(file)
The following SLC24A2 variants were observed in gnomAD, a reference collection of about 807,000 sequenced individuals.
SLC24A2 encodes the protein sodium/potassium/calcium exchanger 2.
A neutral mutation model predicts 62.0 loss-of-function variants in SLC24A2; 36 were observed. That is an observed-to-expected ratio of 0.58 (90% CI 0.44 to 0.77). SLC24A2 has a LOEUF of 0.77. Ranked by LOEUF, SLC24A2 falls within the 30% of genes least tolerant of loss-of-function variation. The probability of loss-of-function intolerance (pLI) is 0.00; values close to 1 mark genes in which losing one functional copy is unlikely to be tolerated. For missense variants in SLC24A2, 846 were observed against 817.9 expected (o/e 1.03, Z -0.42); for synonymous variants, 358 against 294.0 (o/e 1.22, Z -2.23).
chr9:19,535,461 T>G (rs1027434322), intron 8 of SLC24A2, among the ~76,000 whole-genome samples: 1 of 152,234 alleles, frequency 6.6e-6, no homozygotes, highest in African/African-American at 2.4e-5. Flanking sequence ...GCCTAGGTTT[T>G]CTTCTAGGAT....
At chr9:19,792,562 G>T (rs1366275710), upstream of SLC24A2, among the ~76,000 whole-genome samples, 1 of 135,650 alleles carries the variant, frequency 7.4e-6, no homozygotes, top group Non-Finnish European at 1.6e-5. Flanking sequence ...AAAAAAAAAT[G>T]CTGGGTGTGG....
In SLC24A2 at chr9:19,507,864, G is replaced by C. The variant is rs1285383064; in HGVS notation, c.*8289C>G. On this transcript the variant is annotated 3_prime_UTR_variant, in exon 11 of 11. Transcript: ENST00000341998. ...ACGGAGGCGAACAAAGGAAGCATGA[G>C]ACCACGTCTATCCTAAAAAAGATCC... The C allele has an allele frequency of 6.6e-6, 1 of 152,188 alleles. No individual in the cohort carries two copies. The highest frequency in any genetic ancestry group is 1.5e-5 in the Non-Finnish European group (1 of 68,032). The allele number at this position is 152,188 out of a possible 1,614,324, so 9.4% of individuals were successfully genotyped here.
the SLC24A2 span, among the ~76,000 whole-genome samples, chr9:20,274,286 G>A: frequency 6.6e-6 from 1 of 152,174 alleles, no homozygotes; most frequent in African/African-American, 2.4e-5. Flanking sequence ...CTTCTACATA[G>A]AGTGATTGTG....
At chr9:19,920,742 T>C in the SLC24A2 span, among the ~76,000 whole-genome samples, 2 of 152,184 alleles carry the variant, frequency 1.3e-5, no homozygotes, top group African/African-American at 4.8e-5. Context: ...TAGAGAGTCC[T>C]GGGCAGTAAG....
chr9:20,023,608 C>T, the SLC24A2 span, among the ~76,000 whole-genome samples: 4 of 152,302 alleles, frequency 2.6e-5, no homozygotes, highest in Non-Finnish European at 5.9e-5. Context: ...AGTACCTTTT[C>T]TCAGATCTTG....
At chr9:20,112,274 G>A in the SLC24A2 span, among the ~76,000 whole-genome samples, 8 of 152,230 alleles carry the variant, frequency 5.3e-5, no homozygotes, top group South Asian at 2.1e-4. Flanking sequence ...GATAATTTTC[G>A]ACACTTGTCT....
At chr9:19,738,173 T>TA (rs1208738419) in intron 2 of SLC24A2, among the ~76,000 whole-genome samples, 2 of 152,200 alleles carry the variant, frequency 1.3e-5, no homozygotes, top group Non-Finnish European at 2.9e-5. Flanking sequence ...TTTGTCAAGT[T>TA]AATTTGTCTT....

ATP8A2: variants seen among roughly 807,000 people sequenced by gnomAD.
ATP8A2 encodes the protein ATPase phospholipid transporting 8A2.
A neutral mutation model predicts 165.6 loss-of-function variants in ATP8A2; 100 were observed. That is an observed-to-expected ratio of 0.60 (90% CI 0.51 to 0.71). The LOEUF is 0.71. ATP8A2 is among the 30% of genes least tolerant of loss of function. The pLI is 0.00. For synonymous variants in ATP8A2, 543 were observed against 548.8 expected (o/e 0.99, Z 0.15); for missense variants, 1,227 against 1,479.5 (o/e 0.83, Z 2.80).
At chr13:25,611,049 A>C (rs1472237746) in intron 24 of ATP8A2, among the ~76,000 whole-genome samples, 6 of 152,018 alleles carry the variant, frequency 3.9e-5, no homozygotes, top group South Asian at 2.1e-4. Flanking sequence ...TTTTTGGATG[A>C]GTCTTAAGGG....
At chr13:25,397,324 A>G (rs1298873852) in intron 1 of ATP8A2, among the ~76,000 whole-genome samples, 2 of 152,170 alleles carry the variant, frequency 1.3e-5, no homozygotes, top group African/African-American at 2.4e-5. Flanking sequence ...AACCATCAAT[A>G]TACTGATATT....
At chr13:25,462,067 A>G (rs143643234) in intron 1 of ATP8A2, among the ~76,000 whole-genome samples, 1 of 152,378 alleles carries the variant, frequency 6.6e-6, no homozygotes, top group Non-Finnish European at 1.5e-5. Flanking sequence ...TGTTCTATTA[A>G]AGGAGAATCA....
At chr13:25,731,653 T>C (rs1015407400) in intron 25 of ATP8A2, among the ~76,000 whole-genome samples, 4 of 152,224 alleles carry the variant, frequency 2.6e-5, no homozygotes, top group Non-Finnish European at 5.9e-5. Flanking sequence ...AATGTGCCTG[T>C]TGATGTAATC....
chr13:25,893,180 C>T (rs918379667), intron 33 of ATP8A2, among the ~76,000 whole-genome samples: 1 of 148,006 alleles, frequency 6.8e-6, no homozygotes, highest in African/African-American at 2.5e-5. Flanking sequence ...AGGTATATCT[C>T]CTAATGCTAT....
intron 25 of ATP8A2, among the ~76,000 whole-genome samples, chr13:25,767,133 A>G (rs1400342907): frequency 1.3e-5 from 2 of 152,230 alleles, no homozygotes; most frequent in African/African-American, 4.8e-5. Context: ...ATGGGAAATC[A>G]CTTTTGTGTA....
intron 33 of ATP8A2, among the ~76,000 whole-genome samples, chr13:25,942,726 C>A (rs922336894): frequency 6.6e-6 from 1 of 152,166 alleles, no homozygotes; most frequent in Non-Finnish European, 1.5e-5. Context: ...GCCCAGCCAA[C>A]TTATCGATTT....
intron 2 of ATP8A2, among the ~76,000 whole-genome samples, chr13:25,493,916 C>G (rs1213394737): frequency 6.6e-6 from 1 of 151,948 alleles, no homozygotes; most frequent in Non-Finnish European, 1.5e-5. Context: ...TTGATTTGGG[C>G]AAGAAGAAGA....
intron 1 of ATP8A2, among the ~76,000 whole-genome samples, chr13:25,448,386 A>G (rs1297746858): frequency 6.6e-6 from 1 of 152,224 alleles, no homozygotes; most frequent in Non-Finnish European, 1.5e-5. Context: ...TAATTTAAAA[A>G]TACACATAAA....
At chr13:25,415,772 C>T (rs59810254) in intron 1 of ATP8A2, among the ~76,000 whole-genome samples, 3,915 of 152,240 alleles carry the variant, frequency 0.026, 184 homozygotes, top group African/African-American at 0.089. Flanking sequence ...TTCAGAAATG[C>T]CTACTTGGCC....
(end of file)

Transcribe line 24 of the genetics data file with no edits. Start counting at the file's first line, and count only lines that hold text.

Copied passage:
At chr13:25,415,772 C>T (rs59810254) in intron 1 of ATP8A2, among the ~76,000 whole-genome samples, 3,915 of 152,240 alleles carry the variant, frequency 0.026, 184 homozygotes, top group African/African-American at 0.089. Flanking sequence ...TTCAGAAATG[C>T]CTACTTGGCC....